A strange thing happened while I was on the way to Cygnus . . . . I found myself in Pegasus. Now actually, that’s not as unlikely as it seems. Even though we (or at least I) think of Cygnus as a summer constellation and Pegasus as an autumn constellation, they actually border on one another. If that surprises you, look at a star atlas and you’ll find Mu (μ) Cgyni resting barely inside Cygnus’ northeastern border.
All it would take is a slight celestial nudge to push it into Pegasus. In fact, by my measurements, Mu (μ) is a mere seventeen degrees from Beta (β) Pegasi and just a few furlongs further from Alpha (α) Pegasi at twenty-two degrees.
Now when I look at chart number six in The Cambridge Double Star Atlas, I don’t see a lot double stars in Pegasus, especially inside the area known as the Great Square. In fact, within the area bounded by that slightly irregular rectangle there are only eight double stars identified by name. And if you inspect all 240 square degrees of that area a bit closer, you’ll struggle to come up with even a half dozen more no-named pairs. A veritable double-star desert, so to speak.
But as Chris Thuemen, who has photographically corralled a veritable herd of double stars in Pegasus, mentioned to me, you just have to look a bit deeper. They’re there. In fact, it was his photo of the Σ 3060-3061 pair that roped me into throwing a six inch refractor into the saddle of a large mount and taking a gander. Chris, by the way, is the brains behind this site, which is devoted to photographing all the double stars within reach of the lens of his refractor.
But enough of this horse talk. Let’s spur ourselves into action – we’ve got a heap of hedges to leap.
From 2.45 magnitude Markab (this will open the chart above in a second window to make it easier to follow along), you can move three-fourths of a degree south to 7.10 magnitude HIP 114028, then go a degree due east to 6.50 magnitude HIP 114378. From there, it’s a long northeast leap of four degrees to HIP 115288, which is parked just northeast of a distinctive arc of seventh and eighth magnitude stars easily seen in an 8×50 finder under reasonably dark skies.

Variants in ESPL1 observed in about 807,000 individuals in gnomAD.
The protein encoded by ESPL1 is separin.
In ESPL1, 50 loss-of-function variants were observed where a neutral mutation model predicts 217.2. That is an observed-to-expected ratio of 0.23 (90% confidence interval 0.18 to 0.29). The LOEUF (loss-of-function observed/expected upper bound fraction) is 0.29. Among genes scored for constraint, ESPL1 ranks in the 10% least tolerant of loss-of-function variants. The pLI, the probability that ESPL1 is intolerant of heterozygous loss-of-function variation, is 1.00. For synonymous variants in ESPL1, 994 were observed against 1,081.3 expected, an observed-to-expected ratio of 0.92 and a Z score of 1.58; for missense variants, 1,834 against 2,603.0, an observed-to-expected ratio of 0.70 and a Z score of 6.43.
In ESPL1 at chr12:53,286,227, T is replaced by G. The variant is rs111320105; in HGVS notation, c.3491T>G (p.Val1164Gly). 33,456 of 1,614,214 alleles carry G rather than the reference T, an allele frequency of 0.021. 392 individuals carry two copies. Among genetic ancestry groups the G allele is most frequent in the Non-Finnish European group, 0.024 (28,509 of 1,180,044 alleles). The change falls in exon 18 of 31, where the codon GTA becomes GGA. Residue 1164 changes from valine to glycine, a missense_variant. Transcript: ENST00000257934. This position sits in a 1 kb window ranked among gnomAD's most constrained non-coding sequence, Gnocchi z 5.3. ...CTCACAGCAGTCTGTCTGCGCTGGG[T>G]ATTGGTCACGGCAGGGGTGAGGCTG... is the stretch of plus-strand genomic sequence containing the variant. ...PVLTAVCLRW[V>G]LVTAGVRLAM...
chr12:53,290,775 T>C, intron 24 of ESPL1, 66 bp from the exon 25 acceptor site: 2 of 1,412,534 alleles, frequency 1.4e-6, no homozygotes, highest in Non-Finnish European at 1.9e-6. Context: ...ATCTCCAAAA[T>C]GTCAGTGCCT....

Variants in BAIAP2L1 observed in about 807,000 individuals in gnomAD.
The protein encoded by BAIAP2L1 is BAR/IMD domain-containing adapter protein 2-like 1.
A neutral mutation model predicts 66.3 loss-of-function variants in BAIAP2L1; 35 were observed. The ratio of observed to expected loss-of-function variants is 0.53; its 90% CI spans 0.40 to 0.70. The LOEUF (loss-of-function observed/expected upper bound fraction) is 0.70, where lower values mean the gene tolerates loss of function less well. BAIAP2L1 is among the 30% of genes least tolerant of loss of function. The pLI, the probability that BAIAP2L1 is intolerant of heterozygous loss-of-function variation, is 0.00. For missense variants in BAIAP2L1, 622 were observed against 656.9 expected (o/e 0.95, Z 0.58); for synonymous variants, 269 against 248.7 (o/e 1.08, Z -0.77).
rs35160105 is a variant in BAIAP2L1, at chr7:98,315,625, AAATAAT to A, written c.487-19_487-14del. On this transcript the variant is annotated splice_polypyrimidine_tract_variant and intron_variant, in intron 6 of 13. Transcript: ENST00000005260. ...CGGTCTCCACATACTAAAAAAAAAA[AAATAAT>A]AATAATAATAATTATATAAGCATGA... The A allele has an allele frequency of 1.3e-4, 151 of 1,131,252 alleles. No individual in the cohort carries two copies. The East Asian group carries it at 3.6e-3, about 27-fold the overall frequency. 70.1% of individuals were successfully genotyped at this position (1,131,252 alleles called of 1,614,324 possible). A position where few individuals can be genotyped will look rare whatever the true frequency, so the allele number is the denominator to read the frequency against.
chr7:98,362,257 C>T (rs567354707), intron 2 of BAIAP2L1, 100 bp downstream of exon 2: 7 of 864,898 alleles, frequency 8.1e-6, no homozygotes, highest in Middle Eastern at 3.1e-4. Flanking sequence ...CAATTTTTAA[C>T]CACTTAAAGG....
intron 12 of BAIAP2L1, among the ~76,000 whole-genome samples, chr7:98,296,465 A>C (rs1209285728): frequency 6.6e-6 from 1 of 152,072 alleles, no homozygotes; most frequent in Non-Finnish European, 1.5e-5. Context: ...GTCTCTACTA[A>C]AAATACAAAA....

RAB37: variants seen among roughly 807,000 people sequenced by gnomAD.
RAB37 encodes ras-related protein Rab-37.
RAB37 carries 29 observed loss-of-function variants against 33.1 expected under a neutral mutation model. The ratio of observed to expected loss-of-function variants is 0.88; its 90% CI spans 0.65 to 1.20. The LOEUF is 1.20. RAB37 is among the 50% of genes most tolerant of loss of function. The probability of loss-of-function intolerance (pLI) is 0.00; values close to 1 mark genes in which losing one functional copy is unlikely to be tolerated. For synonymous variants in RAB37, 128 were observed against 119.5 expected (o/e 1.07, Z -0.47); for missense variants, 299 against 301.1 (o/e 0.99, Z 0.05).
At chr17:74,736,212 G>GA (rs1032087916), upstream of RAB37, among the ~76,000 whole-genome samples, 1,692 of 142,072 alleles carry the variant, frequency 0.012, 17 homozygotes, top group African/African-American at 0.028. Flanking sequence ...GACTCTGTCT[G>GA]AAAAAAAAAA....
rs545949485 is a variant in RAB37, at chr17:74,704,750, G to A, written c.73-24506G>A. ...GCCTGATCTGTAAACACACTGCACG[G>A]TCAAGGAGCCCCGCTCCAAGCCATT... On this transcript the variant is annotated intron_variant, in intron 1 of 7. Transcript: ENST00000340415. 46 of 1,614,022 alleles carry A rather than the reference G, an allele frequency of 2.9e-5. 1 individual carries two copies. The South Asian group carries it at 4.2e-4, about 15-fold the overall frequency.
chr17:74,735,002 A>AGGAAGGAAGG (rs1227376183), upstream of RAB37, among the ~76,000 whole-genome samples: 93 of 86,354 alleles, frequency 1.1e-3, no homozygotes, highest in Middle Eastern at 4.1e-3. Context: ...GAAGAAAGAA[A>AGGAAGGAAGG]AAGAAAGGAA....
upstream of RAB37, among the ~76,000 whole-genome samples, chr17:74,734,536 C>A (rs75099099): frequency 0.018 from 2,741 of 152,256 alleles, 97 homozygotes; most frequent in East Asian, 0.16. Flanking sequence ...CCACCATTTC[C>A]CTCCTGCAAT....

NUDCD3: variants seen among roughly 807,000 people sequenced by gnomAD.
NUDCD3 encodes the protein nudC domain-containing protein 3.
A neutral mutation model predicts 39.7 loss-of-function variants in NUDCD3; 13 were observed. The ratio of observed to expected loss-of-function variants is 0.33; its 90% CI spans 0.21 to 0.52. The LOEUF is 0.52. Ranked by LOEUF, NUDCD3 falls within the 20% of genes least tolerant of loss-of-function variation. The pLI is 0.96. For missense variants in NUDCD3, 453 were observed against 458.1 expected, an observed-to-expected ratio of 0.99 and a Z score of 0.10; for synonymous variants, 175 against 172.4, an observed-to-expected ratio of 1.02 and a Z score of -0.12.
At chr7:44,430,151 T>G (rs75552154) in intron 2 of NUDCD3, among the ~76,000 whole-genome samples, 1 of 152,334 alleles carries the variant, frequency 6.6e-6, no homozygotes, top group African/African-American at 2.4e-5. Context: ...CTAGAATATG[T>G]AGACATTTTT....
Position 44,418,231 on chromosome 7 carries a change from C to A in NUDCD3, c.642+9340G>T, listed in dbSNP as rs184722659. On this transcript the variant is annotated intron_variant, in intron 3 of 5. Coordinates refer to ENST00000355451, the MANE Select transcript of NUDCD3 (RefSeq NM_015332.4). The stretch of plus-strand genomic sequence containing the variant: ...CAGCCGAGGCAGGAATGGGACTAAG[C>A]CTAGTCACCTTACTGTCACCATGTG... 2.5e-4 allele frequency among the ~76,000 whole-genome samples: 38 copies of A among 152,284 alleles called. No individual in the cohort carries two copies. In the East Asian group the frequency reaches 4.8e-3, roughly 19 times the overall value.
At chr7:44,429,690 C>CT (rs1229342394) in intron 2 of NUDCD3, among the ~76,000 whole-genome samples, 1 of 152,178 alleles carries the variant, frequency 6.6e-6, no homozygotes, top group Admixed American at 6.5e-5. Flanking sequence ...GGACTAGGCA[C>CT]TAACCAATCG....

Or, you can start at Markab and move a bit more than a degree north to 6.40 magnitude HIP 113994, then head northeast almost two degrees to 5.65 magnitude HIP 114449, and next go east with a slight tilt to the south a total of about two and a half degrees to HIP 115288.
From HIP 115288 if you look a degree and half to the southeast, you’ll see a parallelogram consisting of 7.45 magnitude HIP 116021, 7.95 magnitude HIP 116091, 7.10 magnitude HIP 115910, and at the northwest corner our faint targets, Σ 3012 and Σ 3013, looking for all the world like a single star.
Σ 3012/Σ 3013 HIP: 115800 SAO: 108618
RA: 23h 27.6m Dec: 16° 38’
Identifier Magnitudes Separation Position Angle WDS
STF 3012 AB: 9.47, 9.82 2.80” 190° 2012
STF 3012 AC: 9.47, 8.51 52.20” 66° 2012
DOB 18 AD: 9.47, 10.20 49.50” 64° 2012
STF 3013 BC: 9.82, 8.51 53.80” 64° 2012
DOB 18 BD: 9.82, 10.20 51.40” 62° 2012
STF 3013: CD: 8.51, 10.20 3.10” 277° 2012